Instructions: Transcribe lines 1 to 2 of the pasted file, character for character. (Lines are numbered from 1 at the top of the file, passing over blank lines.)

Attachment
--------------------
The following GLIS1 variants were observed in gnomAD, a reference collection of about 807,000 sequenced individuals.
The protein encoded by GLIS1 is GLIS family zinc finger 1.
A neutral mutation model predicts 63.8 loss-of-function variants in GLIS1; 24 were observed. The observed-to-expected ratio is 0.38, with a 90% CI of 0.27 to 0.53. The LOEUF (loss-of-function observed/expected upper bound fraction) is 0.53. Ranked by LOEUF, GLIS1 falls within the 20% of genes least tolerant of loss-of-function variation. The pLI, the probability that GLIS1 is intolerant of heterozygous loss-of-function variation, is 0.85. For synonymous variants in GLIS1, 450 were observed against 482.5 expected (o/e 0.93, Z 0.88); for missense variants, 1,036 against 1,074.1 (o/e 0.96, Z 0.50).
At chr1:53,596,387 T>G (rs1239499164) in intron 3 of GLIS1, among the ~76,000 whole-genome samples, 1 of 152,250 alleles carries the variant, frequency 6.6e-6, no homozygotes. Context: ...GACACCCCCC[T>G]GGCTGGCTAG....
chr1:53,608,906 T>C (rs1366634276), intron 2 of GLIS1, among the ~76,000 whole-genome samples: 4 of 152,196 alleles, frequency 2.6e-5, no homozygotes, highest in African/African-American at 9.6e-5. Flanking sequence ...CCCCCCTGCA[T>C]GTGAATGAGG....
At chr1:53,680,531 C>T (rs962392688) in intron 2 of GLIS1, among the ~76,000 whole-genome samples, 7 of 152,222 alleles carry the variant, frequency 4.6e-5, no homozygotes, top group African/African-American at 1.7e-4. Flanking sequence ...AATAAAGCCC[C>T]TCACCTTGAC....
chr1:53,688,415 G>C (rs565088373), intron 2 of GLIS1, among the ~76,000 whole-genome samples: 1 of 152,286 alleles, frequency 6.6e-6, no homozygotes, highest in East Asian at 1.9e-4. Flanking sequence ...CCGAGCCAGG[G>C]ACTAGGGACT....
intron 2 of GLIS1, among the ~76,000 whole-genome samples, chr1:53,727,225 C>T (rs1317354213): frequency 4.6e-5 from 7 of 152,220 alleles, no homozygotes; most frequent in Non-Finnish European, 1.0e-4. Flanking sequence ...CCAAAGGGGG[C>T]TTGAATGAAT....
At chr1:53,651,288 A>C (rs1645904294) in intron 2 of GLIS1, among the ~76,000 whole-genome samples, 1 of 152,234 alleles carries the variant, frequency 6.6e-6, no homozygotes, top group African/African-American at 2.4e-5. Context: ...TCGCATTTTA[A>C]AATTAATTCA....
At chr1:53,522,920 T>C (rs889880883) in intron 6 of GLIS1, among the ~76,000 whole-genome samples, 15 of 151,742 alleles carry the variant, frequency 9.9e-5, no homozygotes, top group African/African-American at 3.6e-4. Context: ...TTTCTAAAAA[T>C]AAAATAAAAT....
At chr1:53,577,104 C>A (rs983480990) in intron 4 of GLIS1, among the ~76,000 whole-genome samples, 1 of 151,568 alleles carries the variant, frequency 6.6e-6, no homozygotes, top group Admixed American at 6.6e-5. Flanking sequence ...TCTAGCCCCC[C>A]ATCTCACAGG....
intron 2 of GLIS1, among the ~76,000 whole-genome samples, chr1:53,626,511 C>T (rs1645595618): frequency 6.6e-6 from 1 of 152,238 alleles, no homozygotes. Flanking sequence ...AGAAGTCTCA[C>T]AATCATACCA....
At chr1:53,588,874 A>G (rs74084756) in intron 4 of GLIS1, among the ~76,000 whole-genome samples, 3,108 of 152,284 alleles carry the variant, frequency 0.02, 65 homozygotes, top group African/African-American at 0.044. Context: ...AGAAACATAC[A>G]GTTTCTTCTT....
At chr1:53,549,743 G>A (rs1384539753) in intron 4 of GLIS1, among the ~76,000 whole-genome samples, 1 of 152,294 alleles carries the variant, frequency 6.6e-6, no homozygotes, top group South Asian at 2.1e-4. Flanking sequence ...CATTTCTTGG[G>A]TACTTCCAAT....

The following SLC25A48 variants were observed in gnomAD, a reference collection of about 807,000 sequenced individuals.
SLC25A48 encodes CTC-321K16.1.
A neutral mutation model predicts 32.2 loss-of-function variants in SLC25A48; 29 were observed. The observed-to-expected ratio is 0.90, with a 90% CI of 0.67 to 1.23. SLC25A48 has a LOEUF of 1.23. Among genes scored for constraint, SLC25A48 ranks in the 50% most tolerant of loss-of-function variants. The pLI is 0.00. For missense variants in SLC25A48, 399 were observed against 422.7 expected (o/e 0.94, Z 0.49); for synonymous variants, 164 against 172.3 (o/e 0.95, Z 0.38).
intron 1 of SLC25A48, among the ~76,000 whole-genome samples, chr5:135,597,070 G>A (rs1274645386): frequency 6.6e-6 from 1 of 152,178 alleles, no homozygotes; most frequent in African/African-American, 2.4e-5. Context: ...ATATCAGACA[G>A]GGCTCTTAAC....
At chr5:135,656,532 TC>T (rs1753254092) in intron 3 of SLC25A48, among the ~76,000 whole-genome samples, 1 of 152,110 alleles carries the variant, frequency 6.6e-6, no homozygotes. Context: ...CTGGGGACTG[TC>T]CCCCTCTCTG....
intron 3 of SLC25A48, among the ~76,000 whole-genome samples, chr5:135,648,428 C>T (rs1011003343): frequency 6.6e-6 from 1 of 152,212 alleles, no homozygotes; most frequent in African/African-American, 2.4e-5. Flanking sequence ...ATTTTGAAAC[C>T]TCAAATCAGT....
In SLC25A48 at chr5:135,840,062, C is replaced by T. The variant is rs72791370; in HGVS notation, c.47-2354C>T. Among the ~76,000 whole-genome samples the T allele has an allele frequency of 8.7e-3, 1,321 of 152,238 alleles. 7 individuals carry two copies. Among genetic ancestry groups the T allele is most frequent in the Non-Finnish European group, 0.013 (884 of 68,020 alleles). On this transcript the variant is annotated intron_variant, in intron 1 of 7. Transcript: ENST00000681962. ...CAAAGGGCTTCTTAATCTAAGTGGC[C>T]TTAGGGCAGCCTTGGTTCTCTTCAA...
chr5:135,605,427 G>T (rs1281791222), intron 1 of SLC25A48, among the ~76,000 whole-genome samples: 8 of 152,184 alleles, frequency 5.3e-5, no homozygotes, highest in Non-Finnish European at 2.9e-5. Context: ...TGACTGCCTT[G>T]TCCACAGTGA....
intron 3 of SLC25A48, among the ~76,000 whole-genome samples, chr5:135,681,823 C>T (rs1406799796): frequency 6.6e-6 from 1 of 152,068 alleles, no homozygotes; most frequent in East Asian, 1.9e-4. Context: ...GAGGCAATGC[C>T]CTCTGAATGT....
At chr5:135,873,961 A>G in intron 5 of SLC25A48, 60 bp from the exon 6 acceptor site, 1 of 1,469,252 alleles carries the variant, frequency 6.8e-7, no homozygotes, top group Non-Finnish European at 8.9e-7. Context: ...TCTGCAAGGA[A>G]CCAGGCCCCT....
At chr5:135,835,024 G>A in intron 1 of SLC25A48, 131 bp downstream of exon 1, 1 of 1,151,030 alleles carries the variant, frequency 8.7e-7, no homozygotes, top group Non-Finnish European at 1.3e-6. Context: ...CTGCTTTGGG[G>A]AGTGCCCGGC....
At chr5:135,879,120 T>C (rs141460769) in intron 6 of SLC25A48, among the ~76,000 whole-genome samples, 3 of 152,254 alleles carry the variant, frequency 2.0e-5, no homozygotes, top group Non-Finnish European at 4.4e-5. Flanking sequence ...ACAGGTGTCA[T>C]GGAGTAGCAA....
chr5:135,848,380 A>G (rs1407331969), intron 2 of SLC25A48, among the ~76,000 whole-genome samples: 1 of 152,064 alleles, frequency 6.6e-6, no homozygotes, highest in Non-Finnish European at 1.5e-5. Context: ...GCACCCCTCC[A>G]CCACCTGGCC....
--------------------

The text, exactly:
The following GLIS1 variants were observed in gnomAD, a reference collection of about 807,000 sequenced individuals.
The protein encoded by GLIS1 is GLIS family zinc finger 1.